THE EDITOR’S PERSPECTIVE
costs growing like
those of education
by Bob Tippee, Editor
What applies to university education applies
just as well to frantic energy regulation.
“Families and taxpayers can’t just keep paying more and more and more into an undisciplined system where costs just keep on going
up and up and up,” said US President Barack
Obama in a July 24 speech in Galesburg, Ill.
He was talking about the costs of attending
college. And he was right. A college education
is diminishingly affordable. The system increasingly relies on unevenly distributed grants and
scholarships that are unlikely to keep pace with
costs growing at rates the president estimated
Indeed, families and taxpayers can’t support
such a system indefinitely.
Obama’s speech was about his intentions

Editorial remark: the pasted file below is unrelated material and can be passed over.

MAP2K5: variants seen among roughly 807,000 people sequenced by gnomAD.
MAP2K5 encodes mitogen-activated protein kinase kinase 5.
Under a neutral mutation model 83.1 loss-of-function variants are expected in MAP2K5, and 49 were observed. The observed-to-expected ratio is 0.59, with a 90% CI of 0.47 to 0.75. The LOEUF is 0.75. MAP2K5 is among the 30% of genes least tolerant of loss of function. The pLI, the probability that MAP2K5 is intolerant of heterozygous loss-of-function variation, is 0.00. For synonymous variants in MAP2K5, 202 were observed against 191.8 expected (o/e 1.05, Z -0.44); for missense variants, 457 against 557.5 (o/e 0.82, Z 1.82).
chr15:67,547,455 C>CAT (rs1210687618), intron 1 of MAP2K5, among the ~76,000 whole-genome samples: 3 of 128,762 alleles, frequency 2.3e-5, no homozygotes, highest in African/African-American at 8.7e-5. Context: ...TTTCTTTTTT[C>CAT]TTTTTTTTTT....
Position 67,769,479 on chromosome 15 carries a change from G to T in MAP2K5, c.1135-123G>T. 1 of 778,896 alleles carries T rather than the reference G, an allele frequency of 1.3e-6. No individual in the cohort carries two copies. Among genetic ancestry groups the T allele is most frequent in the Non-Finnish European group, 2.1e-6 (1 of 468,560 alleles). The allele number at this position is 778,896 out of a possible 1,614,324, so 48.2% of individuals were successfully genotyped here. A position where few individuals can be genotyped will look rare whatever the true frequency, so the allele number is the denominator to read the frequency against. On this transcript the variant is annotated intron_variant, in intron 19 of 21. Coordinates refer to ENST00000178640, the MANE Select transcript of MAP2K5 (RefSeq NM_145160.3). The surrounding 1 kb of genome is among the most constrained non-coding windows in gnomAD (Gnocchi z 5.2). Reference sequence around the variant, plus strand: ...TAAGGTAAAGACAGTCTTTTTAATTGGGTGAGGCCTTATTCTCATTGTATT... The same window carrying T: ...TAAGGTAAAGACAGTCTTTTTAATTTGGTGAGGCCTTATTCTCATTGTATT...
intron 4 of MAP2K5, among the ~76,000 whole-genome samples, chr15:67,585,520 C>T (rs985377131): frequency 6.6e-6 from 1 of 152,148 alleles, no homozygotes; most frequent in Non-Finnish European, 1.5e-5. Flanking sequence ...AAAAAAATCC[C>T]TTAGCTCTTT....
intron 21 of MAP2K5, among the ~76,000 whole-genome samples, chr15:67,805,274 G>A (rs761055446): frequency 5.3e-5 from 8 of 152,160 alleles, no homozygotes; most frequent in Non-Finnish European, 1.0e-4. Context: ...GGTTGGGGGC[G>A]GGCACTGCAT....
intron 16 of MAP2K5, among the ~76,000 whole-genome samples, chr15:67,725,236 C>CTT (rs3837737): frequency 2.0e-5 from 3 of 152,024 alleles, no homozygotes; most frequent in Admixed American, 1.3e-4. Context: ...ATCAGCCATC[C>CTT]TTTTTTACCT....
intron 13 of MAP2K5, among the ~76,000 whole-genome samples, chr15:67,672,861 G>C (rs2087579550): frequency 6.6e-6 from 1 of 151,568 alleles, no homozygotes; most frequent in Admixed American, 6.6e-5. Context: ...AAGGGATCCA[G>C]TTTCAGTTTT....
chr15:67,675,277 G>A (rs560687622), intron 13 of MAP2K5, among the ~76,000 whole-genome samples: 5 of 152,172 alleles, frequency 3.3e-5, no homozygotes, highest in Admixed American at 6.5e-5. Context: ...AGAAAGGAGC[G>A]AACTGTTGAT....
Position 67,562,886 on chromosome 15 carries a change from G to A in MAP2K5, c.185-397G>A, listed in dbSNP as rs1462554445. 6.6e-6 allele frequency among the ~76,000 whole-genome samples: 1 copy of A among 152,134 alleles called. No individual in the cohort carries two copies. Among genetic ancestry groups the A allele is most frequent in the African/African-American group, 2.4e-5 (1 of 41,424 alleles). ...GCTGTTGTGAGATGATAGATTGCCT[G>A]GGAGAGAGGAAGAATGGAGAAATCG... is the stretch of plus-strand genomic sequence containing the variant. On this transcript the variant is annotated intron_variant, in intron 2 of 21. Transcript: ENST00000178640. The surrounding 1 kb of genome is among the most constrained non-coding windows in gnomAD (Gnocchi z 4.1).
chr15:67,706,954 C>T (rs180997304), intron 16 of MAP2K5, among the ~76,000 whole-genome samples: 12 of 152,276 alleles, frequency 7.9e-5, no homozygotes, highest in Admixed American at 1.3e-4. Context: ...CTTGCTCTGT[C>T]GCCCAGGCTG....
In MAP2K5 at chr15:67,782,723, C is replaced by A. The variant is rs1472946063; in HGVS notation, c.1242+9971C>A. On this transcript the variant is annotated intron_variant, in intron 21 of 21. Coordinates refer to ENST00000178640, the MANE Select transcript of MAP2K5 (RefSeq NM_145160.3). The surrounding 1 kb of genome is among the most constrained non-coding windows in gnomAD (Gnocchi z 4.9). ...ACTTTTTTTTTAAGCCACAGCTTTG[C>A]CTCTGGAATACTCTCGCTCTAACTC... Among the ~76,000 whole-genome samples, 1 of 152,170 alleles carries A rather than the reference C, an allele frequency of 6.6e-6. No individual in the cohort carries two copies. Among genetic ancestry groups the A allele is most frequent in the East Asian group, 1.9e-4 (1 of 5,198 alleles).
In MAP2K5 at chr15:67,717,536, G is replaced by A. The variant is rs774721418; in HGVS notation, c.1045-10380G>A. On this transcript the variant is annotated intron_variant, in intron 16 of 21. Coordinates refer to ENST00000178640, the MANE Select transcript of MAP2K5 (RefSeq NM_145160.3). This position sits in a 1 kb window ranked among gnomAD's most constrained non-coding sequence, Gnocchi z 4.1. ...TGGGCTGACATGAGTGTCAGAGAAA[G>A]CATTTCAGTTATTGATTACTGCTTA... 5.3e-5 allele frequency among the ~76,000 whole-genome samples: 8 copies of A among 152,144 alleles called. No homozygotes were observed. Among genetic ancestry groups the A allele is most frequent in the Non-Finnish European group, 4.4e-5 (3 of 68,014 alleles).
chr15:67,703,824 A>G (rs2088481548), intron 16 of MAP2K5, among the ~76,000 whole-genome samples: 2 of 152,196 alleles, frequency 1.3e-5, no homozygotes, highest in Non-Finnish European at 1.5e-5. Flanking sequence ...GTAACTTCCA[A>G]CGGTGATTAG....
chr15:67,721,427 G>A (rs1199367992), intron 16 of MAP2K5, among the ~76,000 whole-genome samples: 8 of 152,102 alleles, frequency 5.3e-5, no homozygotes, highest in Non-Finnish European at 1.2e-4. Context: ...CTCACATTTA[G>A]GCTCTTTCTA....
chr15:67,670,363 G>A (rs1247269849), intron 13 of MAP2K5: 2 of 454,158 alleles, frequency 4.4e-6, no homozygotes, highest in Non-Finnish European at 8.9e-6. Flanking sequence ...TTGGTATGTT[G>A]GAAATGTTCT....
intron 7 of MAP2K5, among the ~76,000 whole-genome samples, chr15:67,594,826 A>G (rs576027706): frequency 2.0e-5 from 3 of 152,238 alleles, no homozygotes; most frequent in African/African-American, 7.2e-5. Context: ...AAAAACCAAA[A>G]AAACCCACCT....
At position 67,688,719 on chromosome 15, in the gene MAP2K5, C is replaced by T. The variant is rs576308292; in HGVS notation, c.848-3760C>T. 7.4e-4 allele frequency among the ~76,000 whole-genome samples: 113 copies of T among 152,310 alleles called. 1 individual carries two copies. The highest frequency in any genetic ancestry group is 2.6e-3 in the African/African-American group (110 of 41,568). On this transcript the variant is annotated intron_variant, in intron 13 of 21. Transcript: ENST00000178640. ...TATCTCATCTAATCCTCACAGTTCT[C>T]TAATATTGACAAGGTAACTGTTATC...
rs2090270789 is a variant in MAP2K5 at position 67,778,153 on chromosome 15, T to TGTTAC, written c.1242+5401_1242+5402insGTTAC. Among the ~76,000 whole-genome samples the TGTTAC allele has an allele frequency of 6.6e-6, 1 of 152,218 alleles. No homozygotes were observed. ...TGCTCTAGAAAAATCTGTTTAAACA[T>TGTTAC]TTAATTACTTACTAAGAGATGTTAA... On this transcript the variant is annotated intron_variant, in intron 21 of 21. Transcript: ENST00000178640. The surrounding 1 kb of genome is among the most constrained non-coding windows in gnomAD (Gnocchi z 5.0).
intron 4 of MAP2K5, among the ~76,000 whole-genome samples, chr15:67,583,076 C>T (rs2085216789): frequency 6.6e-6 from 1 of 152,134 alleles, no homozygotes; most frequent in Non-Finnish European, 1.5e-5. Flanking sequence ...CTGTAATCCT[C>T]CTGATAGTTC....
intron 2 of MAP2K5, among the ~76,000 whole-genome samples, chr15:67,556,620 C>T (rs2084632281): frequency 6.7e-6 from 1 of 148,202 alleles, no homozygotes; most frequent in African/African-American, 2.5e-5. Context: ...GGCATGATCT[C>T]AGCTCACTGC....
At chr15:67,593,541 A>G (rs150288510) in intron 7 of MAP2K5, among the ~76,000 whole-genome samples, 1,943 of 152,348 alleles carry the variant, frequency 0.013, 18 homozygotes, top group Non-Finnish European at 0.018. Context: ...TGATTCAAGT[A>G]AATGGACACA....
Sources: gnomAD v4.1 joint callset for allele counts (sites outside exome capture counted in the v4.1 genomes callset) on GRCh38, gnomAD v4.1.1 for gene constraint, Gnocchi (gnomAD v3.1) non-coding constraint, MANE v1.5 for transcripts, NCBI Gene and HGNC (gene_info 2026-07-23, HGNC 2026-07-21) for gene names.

for the “cornerstones” of the middle class,
which he listed as: “Job security, with good
wages and durable industries. A good educa-
tion. A home to call your own. Affordable health
care when you get sick. A secure retirement
even if you’re not rich. Reducing poverty. Re-
ducing inequality. Growing opportunity.”
That all sounds appealing. But as Obama
outlined parameters for what he’d do FOR the
middle class, he also hinted at what he’d con-
tinue to do TO the middle class on energy.
Among other goals of his administration,
the president said in Galesburg, “We need to
combat climate change.”
The policy elements of that program are
clear: destroying the economics of coal use
through regulation, raising the costs of oil and
natural gas to reduce consumption of them—
especially of oil—and escorting noncommercial
energy into the market with subsidies and
This is not a program friendly to the middle
class. It’s a program certain to raise the costs
of energy and to require increased taxation.
And, with one energy mistake after another
made to combat change in a climate destined
to change no matter what the government
does, it’s a program out of control.
The costs will prove unsustainable. Like
education, energy regulation is fast becoming an undisciplined system that families and
taxpayers can’t afford.
From the Subscribers Only area of
Energy consumption to escalate